The appeal to change in these verses is the culmination of all that James has been saying since 3:13. In the passage we have been studying this week, there are contrasts between heavenly wisdom and devilish wisdom, and between the proud who exalt themselves as the devil did (see Isa. 14:12-14) and the lowly who submit to God and humble themselves. There is also a charge of infidelity to the covenant with God (James 4:4), and the charge of being double-minded is repeated (James 4:8, compare 1:8). Therefore, the call to submit to God goes beyond moralistic admonition; it is calling sinners to repentance, as Jesus did (Luke 5:32).
How should one repent? James supplies the steps (based on Psalm 24:3-6): (1) draw near to God, and He will draw near to you; (2) cleanse your hands and purify your hearts (that is, actions as well as thoughts); (3) lament, mourn, and weep for your shortcomings, realizing again that your need is your only claim to God's grace.
Humble yourselves in the sight
of the Lord, and He will lift you up (James
4:10, NKJV). What
does that mean? How do you learn to humble yourself? How can we learn
to emulate the humility that Jesus revealed?
Friday November 21
There are many whose hearts are aching
under a load of care because they seek to reach the world's standard.
They have chosen its service, accepted its perplexities, adopted its
customs. Thus their character is marred, and their life made a
weariness. In order to gratify ambition and worldly desires, they wound
the conscience, and bring upon themselves an additional burden of
remorse. The continual worry is wearing out the life forces. Our Lord
desires them to lay aside this yoke of bondage. . . . He bids them seek
first the kingdom of God and His righteousness, and His promise is that
all things needful to them for this life shall be added.-Ellen
G. White, The Desire of Ages,
a wise and understanding people.But did this not lead Israel to become proud? This is, of course, contrary to heavenly wisdom, which leads to humility. What happened to them, and how can we learn to avoid their mistakes? How could a proper understanding of the true meaning of the sanctuary service have been their best defense against pride? How should the Cross, for us today, be the ultimate defense against pride?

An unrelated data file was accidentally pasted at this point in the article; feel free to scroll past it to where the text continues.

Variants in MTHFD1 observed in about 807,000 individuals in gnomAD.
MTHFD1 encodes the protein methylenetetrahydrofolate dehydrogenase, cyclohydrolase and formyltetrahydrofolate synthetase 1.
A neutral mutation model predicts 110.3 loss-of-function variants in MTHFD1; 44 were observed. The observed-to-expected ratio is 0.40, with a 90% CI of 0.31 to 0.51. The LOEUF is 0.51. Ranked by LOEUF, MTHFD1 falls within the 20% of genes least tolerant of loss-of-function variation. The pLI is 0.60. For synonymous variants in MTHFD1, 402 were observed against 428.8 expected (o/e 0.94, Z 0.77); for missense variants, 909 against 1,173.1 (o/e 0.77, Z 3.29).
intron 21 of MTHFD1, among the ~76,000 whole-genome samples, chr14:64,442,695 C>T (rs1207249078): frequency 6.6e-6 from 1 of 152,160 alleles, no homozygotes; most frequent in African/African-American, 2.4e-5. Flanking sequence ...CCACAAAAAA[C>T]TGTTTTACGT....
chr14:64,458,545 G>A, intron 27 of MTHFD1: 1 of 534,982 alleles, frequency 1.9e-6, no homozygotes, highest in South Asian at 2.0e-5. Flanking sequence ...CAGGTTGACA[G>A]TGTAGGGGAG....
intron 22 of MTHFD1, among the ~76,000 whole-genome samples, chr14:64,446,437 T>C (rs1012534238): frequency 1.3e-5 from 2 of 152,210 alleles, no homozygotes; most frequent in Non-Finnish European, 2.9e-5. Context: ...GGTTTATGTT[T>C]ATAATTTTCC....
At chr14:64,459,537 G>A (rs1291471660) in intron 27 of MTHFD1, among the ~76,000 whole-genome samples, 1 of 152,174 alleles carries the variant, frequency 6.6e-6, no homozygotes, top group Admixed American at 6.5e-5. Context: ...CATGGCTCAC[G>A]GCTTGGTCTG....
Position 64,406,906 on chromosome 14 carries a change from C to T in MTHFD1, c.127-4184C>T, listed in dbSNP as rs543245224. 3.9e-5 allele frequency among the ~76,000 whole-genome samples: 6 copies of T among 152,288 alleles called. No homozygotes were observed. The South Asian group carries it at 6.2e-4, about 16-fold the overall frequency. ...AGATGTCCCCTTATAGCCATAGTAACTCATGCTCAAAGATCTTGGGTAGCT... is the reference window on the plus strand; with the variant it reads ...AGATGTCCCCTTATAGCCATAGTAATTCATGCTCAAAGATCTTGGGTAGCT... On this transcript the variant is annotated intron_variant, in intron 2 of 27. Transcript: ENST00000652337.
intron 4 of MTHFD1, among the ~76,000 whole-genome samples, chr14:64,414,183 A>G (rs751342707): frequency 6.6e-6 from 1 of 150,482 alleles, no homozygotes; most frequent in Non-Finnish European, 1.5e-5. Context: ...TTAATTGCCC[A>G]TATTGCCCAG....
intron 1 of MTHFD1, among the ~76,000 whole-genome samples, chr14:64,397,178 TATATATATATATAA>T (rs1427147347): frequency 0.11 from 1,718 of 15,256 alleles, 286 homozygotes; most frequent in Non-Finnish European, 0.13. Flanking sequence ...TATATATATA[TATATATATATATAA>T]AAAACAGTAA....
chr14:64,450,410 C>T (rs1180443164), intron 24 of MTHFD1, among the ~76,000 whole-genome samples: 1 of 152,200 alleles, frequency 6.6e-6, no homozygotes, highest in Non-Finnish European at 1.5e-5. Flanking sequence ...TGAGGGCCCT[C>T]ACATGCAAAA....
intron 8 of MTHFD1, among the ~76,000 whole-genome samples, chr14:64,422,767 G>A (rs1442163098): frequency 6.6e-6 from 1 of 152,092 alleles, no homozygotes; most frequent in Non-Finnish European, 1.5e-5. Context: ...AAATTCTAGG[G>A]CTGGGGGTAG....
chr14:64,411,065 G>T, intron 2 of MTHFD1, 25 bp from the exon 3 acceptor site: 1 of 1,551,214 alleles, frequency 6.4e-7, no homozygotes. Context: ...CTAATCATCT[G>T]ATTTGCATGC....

Vitaliano hated having a house church next door. He decided that when the songs of the saints floated up to his window, he would turn his radio full volume to rock music. That will teach them, he thought. If I disturb their meetings, they'll find another place to meet, and I won't have to deal with them in my neighborhood! He played loud music for several months, but the group continued meeting. No one complained. In fact, the few members of the church who knew Vitaliano were kinder than ever to him.
Alexey's attendance at the Bible club awakened in Migdalia's heart her lifelong desire to know God. She began reading the Bible and accepted Bible studies from Rosabel. Sometimes Migdalia read the Bible so much that she ignored her housework. When Vitaliano returned home and found the house a mess, he asked his mother what happened. Her response surprised him. "Your wife spends all day reading the Bible and doesn't have time to clean the house." Another time Vitaliano's mother told him, "I think Migdalia is going to the house church on Saturday mornings."
Vitaliano had suspected that his wife was attending church. "Are you going to become a Christian?" he demanded. "I do not want you to go to that church anymore!"
One day Vitaliano found Migdalia studying the Bible. Grabbing the Bible, he threatened to throw it into the fire. But when he opened the stove door to throw the Bible into the flames, fear gripped him. Will God punish me for burning the Bible? he wondered. He closed the door and threw the Bible into the bedroom.
A few days later he saw the Bible on a shelf. Opening it, his eyes fell on Malachi 3:17: "'They will be mine,' says the Lord Almighty, 'in the day when I make up my treasured possession.'" Vitaliano closed the Bible. He knew that God was telling him that his wife and son belonged to God. He became afraid to forbid them to attend the church.
A few days later the pastor's son came to visit Vitaliano. The two had been friends for many years, even though Vitaliano hated God. "My friend," the man said, "we are having a program this evening, and I'd like you to come."
Vitaliano was putting in larger speakers for his stereo so he could disturb the religious meetings better. "Look, I'm wearing work clothes, I'm dirty." But his friend offered to go with him, and Vitaliano reluctantly agreed.
The program contained a lot of music, and Vitaliano enjoyed it, so when his friend invited him again, Vitaliano went. Little by little, Vitaliano's heart softened.
A few weeks later his friend invited him to study the Bible. Vitaliano agreed. He began attending worship services in the house church he had so often condemned and tried to disrupt.
Soon Vitaliano's mother began attending the church, too. Now the whole family was attending church and studying the Bible together. A few months later Vitaliano, Migdalia, and Vitaliano's mother were baptized.
At his baptism, Vitaliano testified, "It was my son whose example brought our family to the feet of Jesus."